Sometimes these things aren’t picked up until they are at school. And so, if you’re not able to follow them closely, you may miss an opportunity.

For example, the Texas AAP is fighting to make sure that the State legislators are investing the money that we need for Early Childhood Intervention (ECI).

One thing about taking care of premature babies is that you have to understand that your work extends beyond the hospital. We have to get out into the community, not only to work on the social determinants of health but also for ECI; that’s a legislative issue.

And so, you really have to work with legislators to make them understand how important these issues are.

MNT: How do you talk to parents of premature babies?

Dr. Guillory: When you speak to families, you must speak honestly. You must speak candidly with transparency. We really need to be open.

You can’t hide anything; you need to tell them what you know. Being culturally appropriate in our [communication] is important. So when I talk, I’m honest with them, I’m candid with them, I’m transparent with them.

Here, where we have such a diverse population, it’s important for us to communicate. If we do not facilitate the best communication, [the families] are not going to understand us.

So, for example, if I have a Hispanic family, I may need to bring an interpreter with me. And we need a really good medical interpreter. I need someone who knows my terminology.

Even up to today, I hate it. How do you tell somebody in another language that their child could die?

I really depend on other members of the team that are specifically trained to help. We have to be careful what we’re saying and how it’s interpreted; it has to be culturally appropriate when we’re talking to our families.

The other thing is that in a Family-Centered Care Unit as we have in Texas Children’s, it is important that the parents are part of the discussion.

So when we make rounds, they are our partners in this team. This is a team group, not me telling them what decision they’re going to make.

We make very serious life and death decisions every day, but the parents have to be in on it as partners. The premature journey in the NICU; you have good days, and you have bad days.

When we are talking to parents, we need to be there, always available to them. We have to be available during good times to talk to them, but especially in bad times. We need to make sure that we’re answering their questions and updating them when a baby really gets very sick.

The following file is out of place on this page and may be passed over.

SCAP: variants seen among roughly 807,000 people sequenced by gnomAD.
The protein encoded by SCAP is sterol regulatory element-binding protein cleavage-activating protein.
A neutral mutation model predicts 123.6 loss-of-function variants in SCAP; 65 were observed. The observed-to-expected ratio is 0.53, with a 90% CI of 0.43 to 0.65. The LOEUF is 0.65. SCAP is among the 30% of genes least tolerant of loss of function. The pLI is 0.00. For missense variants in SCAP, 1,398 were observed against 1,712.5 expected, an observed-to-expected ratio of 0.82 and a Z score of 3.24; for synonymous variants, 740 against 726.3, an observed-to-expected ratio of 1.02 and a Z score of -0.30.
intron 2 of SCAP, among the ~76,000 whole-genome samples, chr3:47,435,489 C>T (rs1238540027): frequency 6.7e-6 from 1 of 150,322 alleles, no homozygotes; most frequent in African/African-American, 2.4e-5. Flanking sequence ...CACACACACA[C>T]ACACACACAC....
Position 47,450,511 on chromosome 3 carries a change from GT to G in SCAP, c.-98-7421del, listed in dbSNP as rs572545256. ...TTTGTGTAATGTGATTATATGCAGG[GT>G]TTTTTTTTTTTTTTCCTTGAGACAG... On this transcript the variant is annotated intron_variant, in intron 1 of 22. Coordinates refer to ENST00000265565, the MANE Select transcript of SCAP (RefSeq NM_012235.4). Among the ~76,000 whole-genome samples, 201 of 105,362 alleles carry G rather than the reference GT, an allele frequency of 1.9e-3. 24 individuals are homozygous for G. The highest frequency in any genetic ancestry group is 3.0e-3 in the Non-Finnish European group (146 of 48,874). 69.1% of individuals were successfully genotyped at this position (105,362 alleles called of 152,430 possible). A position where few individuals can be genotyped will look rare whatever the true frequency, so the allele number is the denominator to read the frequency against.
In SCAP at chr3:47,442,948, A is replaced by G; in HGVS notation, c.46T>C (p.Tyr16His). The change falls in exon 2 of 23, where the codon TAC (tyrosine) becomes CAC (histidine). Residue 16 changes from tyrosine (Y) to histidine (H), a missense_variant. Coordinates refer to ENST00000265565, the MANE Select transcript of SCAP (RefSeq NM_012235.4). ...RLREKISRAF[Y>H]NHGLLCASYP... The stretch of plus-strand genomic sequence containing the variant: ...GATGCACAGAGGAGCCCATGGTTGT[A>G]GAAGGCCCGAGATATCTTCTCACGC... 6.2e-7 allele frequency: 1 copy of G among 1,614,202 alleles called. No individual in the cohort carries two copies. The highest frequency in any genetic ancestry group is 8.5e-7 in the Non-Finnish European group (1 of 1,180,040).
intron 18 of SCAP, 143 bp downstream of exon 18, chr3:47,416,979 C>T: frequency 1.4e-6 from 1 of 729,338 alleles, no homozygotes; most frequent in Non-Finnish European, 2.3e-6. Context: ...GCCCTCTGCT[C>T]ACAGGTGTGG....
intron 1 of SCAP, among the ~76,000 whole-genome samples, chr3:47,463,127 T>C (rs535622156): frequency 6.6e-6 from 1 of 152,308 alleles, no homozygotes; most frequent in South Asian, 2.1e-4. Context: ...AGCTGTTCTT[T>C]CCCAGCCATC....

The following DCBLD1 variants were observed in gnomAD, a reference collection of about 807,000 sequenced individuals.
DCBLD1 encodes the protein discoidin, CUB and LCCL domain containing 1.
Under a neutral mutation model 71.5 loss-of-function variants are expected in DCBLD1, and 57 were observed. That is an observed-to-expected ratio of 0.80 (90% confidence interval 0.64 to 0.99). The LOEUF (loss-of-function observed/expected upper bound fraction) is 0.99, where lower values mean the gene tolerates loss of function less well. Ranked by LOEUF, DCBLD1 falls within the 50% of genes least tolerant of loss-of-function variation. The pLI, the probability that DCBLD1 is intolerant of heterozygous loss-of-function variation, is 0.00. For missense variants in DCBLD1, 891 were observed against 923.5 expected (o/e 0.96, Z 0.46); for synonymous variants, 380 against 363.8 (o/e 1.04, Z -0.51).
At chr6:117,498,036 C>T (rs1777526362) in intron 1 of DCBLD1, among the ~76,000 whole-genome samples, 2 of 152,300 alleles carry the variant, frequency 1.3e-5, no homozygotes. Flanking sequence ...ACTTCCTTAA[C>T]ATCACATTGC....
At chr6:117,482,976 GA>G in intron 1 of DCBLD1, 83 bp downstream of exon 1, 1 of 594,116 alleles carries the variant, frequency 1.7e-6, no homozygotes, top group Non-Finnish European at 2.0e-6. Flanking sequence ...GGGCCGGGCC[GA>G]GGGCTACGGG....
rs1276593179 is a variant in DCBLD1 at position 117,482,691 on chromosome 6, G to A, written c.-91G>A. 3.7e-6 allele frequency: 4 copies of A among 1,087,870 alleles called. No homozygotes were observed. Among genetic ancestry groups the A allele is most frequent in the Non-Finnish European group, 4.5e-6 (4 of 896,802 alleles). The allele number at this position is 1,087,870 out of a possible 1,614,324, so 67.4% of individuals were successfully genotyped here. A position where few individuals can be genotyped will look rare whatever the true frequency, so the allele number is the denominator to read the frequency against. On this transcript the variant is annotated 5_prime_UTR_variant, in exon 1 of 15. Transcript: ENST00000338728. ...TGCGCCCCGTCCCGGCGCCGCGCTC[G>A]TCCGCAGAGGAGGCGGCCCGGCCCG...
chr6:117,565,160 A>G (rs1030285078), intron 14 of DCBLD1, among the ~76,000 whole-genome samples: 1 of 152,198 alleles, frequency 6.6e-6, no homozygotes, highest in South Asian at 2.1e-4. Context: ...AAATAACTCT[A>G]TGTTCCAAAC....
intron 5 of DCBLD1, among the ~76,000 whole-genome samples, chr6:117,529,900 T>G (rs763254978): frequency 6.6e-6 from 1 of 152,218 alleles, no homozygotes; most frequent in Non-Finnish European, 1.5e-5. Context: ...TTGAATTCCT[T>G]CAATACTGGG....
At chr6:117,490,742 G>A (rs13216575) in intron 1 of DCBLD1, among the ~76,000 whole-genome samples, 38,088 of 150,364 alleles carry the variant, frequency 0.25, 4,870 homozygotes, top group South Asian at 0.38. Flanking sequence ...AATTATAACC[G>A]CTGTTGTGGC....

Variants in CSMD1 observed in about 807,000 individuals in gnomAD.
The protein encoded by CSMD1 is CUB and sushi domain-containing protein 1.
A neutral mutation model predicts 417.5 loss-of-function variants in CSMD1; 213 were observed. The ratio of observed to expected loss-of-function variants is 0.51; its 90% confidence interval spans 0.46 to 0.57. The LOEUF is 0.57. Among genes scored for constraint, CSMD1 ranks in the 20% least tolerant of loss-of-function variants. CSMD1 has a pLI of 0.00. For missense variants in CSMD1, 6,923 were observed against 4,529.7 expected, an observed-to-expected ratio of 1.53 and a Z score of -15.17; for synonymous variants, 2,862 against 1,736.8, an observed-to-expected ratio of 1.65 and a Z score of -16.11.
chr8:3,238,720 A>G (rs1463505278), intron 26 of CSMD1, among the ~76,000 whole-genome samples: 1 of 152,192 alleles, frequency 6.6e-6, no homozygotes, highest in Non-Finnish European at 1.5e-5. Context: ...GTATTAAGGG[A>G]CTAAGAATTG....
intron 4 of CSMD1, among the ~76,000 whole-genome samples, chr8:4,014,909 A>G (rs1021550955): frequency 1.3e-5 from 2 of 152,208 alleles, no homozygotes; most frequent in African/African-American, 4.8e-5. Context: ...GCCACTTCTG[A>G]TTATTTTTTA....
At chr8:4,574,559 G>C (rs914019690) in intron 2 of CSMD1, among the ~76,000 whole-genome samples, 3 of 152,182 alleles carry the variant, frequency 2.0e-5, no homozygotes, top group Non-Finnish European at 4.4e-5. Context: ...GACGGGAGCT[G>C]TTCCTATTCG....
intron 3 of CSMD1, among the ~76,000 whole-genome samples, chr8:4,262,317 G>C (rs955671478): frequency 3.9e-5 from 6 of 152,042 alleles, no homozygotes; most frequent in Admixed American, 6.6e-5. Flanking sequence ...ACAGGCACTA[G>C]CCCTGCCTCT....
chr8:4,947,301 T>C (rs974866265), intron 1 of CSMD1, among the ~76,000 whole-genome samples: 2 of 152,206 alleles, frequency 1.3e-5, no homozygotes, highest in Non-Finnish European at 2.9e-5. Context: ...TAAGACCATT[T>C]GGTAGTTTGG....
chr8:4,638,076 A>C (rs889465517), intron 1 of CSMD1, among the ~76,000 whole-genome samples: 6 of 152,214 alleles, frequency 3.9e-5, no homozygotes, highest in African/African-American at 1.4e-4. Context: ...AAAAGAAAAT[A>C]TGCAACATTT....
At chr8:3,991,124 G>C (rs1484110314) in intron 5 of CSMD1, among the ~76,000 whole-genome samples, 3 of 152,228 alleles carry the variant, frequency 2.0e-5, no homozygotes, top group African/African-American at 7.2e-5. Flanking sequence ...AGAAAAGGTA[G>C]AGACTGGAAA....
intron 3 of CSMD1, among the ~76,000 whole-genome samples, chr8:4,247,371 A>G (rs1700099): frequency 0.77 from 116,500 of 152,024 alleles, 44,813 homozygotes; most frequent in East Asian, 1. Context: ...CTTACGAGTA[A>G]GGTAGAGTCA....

They need to see we’re at the bedside 24/7, which we are in a Level 4 unit.

MNT: What can other family members do to support parents?

Dr. Guillory: That’s an interesting question. They need just to be there to support the parents the way the parents want to be supported now.

People can do different things, like transportation. But sometimes, the mom or dad may not want somebody else bringing them to the hospital. They don’t want them asking [a lot of] questions about their babies. I have a mom here who specifically told me [not] to give any information to anybody else.

Some of these [issues] are very personal. So I think you have to know your family. And family members should not be imposing themselves on them, but be there, just as family.

Be there to love them and listen to them, not always to give advice unless they ask for it. Be there in support of the family with whatever resources they need.

The parents usually will identify what they need. You need to be the resource they need and that they identify.

[COVID-19] has made that really challenging.

We had to impose very strict rules, sometimes with only one visitor allowed. Can you imagine how that affected our parents?

It was one of the first things that we changed [once we were able to.]

We have to be careful when we make these rules and decisions. We really need to understand not only how it impacts the whole hospital but how it impacts families.

MNT: How have your parents coped with the restrictions put in place for COVID-19?

Dr. Guillory: Being allowed to have two visitors is important. They don’t always need the extra family there because we can use zoom and video.

I wasn’t open at first to having everything we say being taped, but now it’s no problem.

Now, for example, we do rounds with one mom with grandmother [joining us by] video. We do all of these extra little things to give them the support to know that the family can be there.

In the [early stages of the pandemic], there were a lot of restrictions, and that was difficult. Once we were able to change it to two visitors, it was a lot better.

[Interestingly,] nobody complained about the siblings not being able to come in. [Before the pandemic], we had a sibling group taking care of the siblings. They would come in, and we would talk to them about what to expect; we [even] had sibling classes.

All of this was in place before COVID-19, and I can’t wait to get back to that again.

MNT: What public health measures or interventions will make a difference to the social determinants of health that affect prematurity?

Dr. Guillory: When I started working in pediatrics, [I knew] my heart was there.

And then, in pediatrics, the one that touched me the most was the babies. When I [started] taking care of babies here in Houston, which has a Black population of about 14% maybe 15%, I [was] looking in the NICU, and almost all of the babies were Black.

My first thought was, why do we have so many Black babies in here, out of proportion to what I see outside?